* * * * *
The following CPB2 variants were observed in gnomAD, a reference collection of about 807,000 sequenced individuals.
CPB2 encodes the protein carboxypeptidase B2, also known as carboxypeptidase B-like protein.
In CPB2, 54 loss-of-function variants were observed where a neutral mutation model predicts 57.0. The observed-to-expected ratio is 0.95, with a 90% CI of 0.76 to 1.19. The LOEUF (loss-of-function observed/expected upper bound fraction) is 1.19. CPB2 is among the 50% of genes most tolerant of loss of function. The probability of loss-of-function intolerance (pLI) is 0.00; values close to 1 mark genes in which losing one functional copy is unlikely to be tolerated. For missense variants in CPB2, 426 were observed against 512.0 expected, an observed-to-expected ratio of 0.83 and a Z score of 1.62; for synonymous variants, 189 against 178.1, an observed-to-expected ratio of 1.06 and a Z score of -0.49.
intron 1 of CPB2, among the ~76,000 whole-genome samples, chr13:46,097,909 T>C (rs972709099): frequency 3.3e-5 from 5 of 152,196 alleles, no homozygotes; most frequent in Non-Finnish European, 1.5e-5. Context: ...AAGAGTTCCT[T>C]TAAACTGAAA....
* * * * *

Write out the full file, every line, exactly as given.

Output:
The following CPB2 variants were observed in gnomAD, a reference collection of about 807,000 sequenced individuals.
CPB2 encodes the protein carboxypeptidase B2, also known as carboxypeptidase B-like protein.
In CPB2, 54 loss-of-function variants were observed where a neutral mutation model predicts 57.0. The observed-to-expected ratio is 0.95, with a 90% CI of 0.76 to 1.19. The LOEUF (loss-of-function observed/expected upper bound fraction) is 1.19. CPB2 is among the 50% of genes most tolerant of loss of function. The probability of loss-of-function intolerance (pLI) is 0.00; values close to 1 mark genes in which losing one functional copy is unlikely to be tolerated. For missense variants in CPB2, 426 were observed against 512.0 expected, an observed-to-expected ratio of 0.83 and a Z score of 1.62; for synonymous variants, 189 against 178.1, an observed-to-expected ratio of 1.06 and a Z score of -0.49.
intron 1 of CPB2, among the ~76,000 whole-genome samples, chr13:46,097,909 T>C (rs972709099): frequency 3.3e-5 from 5 of 152,196 alleles, no homozygotes; most frequent in Non-Finnish European, 1.5e-5. Context: ...AAGAGTTCCT[T>C]TAAACTGAAA....